WWF launches open-source app to make food supply chains more transparent

The World Wildlife Fund (WWF) has launched an app that aims to help food supply chains become more transparent.

The transparentC app (available for Android and iOS devices) and web portal is the world’s first open source traceability software for any type of food supply chain.

It can be used anywhere by farmers, buyers and retailers without paying license fees to ensure transparency and accountability at all stages of food production.

The application was co-developed with Republic Systems.

WWF Global Aquaculture Network Manager Aaron McNevin told Forbes that the origin of the app was problems faced by shrimp farmers in Thailand, who could not obtain the source of the meal from fish they used to meet certification requirements.

McNevin said seafood supply chains are particularly complicated due to the number of small owners involved, which makes traceability more difficult and therefore increases the risks for retailers buying their products.

“We really wanted to break the cost barrier for electronic traceability systems,” he told Forbes. “And we’ve tried to work with retailers who really want to know what their supply chains look like, who want to dig in and get the information, and then have a better understanding of the risks involved.

He added that the app works by creating a series of nodes for all people or companies involved in the supply chain. Each user is required to upload documents or images to the various nodes, which administrators at the top of the chain can check and verify.

“Because we’re dealing so far upstream in the supply chain, we don’t necessarily ask for grandiose documentation,” he explains. “What we try to do is to connect all the actors in the process.

“For farmers, there are usually only one or two requirements that simply require them to take a photo of one document or another, and then they get the green light and they can pass it on to the person who buy from them.

“The person buying from them then has to reconfirm the information by labeling it, and that just goes down the supply chain. Buyers don’t need all the information, but they should have access to all the information available.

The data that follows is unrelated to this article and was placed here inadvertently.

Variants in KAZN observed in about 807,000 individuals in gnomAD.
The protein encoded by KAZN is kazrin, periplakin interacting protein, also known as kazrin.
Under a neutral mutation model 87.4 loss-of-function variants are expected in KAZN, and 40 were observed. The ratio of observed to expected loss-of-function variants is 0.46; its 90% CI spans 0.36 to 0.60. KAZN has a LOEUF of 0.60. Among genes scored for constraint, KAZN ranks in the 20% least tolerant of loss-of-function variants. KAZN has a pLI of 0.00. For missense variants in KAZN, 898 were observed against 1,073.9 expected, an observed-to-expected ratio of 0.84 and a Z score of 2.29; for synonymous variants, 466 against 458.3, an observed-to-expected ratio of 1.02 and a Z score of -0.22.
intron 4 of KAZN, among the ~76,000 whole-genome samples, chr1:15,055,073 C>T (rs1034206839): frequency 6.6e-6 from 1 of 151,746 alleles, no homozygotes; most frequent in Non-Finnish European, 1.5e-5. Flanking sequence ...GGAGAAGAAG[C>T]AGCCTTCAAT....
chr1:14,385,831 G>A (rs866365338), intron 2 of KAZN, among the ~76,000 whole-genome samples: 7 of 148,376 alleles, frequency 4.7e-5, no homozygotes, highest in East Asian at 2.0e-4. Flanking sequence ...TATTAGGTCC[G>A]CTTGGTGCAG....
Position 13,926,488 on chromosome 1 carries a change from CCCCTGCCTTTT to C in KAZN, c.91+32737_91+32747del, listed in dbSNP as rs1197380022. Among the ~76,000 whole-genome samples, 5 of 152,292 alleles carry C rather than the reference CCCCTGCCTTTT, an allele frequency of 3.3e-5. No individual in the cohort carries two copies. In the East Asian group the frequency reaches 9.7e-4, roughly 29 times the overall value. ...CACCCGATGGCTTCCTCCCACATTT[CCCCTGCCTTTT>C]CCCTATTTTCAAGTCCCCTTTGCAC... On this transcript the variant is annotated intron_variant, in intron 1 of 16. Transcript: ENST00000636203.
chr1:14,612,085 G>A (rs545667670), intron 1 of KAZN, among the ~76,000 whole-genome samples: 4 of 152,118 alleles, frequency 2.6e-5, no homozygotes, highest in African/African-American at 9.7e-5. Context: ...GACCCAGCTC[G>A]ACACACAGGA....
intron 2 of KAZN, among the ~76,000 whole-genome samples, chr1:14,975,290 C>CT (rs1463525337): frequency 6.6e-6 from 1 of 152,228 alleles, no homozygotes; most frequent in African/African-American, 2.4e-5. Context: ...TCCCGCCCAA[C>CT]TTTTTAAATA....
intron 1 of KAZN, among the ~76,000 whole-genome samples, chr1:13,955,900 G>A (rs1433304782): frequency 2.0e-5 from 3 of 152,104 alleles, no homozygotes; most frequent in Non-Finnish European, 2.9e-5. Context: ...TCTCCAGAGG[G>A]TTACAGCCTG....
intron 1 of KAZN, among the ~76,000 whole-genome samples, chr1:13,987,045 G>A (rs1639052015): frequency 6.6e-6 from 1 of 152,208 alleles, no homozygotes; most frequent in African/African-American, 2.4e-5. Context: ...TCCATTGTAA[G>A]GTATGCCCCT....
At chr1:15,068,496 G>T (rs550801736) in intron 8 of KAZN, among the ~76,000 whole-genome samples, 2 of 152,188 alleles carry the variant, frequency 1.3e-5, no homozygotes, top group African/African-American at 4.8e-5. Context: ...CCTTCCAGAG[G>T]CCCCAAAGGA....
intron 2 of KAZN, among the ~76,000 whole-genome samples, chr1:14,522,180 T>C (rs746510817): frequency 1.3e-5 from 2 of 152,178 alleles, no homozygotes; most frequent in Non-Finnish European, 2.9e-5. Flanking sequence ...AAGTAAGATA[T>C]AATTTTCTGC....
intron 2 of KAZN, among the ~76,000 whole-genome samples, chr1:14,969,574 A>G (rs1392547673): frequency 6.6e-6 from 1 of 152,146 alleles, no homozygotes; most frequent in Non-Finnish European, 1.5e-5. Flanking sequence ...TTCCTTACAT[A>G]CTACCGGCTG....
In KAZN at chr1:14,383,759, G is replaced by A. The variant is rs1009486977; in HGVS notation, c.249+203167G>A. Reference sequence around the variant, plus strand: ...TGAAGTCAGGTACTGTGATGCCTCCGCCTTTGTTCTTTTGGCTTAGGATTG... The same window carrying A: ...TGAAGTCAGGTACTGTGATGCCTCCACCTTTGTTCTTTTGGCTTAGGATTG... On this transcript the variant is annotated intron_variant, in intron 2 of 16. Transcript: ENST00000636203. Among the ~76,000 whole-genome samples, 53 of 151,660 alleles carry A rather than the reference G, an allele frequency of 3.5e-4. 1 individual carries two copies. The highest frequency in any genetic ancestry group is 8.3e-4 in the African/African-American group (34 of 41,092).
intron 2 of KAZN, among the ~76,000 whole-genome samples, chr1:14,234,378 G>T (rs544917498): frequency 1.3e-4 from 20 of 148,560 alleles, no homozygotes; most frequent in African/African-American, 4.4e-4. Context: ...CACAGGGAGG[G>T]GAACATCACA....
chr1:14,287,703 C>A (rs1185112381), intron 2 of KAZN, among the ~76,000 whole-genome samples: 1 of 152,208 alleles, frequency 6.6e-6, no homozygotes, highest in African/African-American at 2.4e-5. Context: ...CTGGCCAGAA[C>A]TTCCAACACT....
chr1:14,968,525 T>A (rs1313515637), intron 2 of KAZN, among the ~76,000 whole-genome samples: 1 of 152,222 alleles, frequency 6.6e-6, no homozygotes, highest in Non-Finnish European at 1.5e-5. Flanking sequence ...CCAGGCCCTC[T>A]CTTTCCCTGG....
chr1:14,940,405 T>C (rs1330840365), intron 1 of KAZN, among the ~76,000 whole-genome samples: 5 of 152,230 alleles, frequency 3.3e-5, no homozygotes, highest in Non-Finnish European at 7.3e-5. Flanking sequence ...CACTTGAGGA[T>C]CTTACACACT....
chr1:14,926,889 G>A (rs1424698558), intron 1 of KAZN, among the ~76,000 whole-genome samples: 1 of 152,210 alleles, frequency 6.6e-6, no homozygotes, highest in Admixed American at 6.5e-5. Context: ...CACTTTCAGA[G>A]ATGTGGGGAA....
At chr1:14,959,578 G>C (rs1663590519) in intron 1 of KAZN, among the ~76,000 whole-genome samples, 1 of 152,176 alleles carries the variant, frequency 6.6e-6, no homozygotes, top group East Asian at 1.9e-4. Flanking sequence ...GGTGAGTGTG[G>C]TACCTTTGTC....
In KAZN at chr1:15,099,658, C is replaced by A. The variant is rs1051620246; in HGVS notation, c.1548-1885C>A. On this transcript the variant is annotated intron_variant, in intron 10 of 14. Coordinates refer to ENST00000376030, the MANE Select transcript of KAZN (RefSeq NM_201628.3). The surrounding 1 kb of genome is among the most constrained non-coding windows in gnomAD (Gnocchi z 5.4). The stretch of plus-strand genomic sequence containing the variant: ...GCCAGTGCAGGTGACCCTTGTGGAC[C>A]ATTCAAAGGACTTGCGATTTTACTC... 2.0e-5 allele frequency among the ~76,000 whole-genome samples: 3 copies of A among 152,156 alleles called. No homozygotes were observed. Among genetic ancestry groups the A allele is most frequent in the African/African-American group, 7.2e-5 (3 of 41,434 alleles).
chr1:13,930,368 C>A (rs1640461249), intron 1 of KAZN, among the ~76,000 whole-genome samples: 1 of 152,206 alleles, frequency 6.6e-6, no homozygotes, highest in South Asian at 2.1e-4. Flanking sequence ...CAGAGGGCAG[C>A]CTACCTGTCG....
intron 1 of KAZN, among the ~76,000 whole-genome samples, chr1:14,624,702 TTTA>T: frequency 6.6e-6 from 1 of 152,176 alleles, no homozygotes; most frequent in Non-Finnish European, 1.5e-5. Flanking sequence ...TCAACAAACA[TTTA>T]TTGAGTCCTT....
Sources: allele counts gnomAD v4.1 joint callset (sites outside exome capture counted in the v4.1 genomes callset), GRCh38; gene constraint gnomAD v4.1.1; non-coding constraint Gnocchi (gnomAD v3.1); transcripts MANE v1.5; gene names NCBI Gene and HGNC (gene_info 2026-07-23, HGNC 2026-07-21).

“So when it gets to the point of export, a supply chain tree is filled. You can see the whole tree and if you need to dig deeper you can dig each of these nodes.

The app has already been tested with seafood supply chains in Vietnam, Thailand and India and palm oil producers in Honduras, but McNevin said it would work for any chain. food supply, such as dairy products or beef.

He said the added transparency the app will bring will also help “decouple” habitat conversion from food production that is happening all over the world.

“Traceability in complex supply chains, especially in developing countries, will not be solved with high-tech solutions,” he added.

“Instead, by focusing on cost-effective tools that help organize and connect supply chain actors, we will begin to achieve traceability results that will have a big impact. That’s why we developed transparenC – to remove barriers to advancing traceability and make it accessible to everyone.

Republic Systems founder Robert Hughes said they became involved in the project because “the need for mobile technology for first mile players is a good fit with our capabilities and we believe sustainability is a moral imperative. “.

Hughes added: “By building the applications with open source libraries and creating a unique user experience for imagery, offline and track map, transparentnC enables users on vessels/farms to create complex tracks using using simple apps with no license fees. We are excited to continue with the World Wildlife Fund to bring this important technology to suppliers who are fighting for true sustainability.

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